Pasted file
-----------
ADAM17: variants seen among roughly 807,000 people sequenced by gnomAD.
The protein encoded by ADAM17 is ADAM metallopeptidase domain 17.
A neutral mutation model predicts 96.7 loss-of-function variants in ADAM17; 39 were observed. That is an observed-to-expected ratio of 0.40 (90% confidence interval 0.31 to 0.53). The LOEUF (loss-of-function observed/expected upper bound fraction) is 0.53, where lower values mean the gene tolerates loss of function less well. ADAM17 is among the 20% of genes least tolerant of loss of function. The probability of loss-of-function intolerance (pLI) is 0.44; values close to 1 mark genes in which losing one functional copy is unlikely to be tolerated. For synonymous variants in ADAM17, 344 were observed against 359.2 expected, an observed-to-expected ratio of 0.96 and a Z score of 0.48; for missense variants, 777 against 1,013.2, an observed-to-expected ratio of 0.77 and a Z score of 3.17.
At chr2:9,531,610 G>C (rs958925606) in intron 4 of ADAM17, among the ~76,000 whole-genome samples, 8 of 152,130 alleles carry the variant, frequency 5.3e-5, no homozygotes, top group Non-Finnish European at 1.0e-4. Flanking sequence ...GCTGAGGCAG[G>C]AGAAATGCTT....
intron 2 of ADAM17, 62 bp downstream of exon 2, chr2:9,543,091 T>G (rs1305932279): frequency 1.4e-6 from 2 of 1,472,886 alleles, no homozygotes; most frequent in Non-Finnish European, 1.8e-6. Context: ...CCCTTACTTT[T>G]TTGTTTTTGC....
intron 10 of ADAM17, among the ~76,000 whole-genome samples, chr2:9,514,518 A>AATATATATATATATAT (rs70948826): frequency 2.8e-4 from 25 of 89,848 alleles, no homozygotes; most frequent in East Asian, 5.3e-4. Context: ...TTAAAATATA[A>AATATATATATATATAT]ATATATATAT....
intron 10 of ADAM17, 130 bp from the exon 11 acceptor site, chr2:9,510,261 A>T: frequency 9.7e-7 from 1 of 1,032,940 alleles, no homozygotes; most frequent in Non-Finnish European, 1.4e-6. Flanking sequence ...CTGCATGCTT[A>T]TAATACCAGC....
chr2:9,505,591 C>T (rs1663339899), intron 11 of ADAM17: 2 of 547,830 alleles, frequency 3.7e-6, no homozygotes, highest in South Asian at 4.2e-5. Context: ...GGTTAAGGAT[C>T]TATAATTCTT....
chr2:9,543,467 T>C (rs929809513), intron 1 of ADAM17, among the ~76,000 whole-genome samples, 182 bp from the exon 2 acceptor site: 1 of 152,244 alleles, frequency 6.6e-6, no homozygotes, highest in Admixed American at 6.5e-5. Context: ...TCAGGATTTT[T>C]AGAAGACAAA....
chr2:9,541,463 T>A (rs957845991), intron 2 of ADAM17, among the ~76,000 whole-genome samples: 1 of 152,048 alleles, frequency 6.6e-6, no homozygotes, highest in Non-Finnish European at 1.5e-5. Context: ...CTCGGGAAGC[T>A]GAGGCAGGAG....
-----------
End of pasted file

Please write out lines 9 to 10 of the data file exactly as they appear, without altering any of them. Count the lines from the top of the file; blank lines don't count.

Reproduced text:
chr2:9,543,467 T>C (rs929809513), intron 1 of ADAM17, among the ~76,000 whole-genome samples, 182 bp from the exon 2 acceptor site: 1 of 152,244 alleles, frequency 6.6e-6, no homozygotes, highest in Admixed American at 6.5e-5. Context: ...TCAGGATTTT[T>C]AGAAGACAAA....
chr2:9,541,463 T>A (rs957845991), intron 2 of ADAM17, among the ~76,000 whole-genome samples: 1 of 152,048 alleles, frequency 6.6e-6, no homozygotes, highest in Non-Finnish European at 1.5e-5. Context: ...CTCGGGAAGC[T>A]GAGGCAGGAG....